The one constant in each of those four seasons was me and how I coached them. It was my coaching, or lack thereof, that caused these QBs to hesitate and not throw with great timing and anticipation. Since we have been fairly successful on offense, it would be easy to just stick with the status quo since we were moving the ball OK and not turning the ball over. As we all know, easiest isn’t always best. There had to be a way to help my QBs get better and more aggressive with their passes without putting us at risk for more interceptions. Basically, I was looking for a way to coach better. This is where the R4 system came in. I am not writing this article as an endorsement for R4, and in fact I haven’t even coached it for a season to be able to speak from experience. What I do know is how the system forced me to look at how I do things, and how I could do them better. My goal here is not to sell you on the system, but instead use it as a medium in which to communicate. This article is about establishing a system of communication, which will allow me to then talk about how my offense coaches the Four-Vertical play.
There are many components of the R4 system that have to do with pre-snap looks and accelerating the QBs decision-making process. If you are interested in learning that, check Huey or get the R4 book. I want to focus more on how the R4 system of building a read progression has influenced my play design. This assumes that the QB already has a solid foundation of throwing mechanics and footwork.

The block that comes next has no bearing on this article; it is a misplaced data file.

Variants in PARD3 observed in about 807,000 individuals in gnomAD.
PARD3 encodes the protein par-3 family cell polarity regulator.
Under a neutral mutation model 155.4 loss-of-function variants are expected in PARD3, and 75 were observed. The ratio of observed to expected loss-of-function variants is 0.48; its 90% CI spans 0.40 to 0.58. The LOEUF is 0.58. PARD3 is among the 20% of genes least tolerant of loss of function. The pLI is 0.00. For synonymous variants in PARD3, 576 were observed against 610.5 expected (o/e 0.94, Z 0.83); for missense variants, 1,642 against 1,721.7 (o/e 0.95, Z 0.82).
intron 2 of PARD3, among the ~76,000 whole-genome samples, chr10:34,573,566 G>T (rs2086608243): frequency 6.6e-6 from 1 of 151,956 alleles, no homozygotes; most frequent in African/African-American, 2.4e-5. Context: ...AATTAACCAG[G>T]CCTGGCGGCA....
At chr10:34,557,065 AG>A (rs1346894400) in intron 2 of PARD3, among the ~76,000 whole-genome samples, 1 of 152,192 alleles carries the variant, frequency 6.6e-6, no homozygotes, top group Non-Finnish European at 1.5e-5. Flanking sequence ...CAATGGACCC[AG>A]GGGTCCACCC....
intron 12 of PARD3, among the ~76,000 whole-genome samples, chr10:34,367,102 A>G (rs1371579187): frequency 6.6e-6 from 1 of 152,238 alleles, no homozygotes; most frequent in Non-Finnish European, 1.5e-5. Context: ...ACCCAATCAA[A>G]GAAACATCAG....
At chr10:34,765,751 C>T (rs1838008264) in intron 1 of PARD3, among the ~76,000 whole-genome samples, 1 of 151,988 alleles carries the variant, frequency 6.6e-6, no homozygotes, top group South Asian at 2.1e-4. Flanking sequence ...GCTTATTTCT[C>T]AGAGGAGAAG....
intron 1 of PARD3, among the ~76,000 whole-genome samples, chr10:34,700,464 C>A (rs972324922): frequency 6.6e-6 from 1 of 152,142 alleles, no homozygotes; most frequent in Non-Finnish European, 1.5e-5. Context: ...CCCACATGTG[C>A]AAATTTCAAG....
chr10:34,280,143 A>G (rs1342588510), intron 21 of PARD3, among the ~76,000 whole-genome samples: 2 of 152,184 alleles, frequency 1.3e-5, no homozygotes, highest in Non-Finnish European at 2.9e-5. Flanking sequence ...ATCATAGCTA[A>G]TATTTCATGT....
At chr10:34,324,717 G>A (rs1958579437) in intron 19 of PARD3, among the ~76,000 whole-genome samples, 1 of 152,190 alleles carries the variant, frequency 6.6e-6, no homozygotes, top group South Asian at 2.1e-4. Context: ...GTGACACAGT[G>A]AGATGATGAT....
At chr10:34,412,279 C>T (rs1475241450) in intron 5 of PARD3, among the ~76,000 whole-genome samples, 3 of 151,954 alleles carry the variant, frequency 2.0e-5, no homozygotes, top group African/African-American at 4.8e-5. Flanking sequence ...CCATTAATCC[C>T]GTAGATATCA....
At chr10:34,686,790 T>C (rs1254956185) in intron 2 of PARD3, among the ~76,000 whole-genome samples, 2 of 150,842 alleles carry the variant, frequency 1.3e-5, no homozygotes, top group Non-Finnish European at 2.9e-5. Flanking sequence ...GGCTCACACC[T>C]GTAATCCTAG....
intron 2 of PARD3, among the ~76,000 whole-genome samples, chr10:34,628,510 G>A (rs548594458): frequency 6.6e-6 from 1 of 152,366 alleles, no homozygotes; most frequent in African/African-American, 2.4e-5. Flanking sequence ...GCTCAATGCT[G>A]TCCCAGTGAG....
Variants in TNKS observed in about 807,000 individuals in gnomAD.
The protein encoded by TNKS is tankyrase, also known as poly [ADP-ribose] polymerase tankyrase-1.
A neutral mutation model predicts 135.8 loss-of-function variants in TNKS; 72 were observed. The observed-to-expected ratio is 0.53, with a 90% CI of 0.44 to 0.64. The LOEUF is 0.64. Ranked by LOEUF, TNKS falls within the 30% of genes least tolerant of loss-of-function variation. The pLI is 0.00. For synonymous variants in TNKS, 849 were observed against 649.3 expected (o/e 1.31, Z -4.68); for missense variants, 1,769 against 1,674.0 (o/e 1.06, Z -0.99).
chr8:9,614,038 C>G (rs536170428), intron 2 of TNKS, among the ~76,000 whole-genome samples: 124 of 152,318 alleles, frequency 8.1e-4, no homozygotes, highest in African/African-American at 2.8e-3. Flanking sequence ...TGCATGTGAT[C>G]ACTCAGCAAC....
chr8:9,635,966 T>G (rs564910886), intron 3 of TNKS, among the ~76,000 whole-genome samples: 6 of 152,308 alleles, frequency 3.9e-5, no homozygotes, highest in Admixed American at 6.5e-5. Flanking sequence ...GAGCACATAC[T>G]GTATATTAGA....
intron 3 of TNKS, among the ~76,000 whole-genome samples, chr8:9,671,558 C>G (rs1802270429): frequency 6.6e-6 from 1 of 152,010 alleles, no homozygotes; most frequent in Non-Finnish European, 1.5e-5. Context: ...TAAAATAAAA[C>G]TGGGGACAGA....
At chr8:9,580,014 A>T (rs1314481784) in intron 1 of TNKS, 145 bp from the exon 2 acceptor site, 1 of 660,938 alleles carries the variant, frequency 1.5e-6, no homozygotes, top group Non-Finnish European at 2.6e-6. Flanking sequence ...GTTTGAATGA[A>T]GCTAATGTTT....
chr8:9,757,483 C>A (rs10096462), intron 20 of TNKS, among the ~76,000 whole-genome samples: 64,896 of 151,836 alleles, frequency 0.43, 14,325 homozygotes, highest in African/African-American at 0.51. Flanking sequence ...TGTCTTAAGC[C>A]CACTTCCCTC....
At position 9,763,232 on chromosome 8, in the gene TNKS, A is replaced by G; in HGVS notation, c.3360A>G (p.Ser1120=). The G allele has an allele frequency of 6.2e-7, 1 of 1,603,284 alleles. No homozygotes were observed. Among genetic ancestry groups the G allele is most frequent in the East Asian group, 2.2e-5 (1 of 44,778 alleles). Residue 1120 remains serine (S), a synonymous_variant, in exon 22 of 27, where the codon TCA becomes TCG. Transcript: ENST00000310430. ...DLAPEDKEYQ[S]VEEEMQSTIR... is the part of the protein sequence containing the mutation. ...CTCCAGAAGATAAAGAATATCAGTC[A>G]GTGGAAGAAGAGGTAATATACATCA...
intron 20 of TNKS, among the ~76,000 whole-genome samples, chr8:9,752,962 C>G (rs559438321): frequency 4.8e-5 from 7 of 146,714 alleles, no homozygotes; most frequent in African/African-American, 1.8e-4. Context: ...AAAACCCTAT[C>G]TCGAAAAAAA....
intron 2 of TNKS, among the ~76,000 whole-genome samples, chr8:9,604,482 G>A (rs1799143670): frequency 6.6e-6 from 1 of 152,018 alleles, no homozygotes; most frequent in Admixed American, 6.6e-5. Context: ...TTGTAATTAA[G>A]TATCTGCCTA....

As far as the throwing progression goes, it all starts with establishing a “Rhythm” throw. The Rhythm route is the first option for the QB, and is designed to be thrown on the last step of the QB’s drop. Ideally, this is a route that has a chance to win deep. Examples of vertical Rhythm include Seams, Fades, Posts, Corners, and non-vertical Rhythms include Speed-Outs and Spot routes. For timing purposes, the QB must make this throw when his back foot hits, or he will move on to another route in the progression. With this in mind, route breaks must be set up to allow for this timing to work. For example, if your QBs back foot hits and your receiver is on his 7th step, then that is when your Post route should break if you want to throw it on rhythm. Just because Spurrier has his post route break at 15 yards doesn’t mean that is what you should do. It is all about syncing the route break up with the QB’s drop.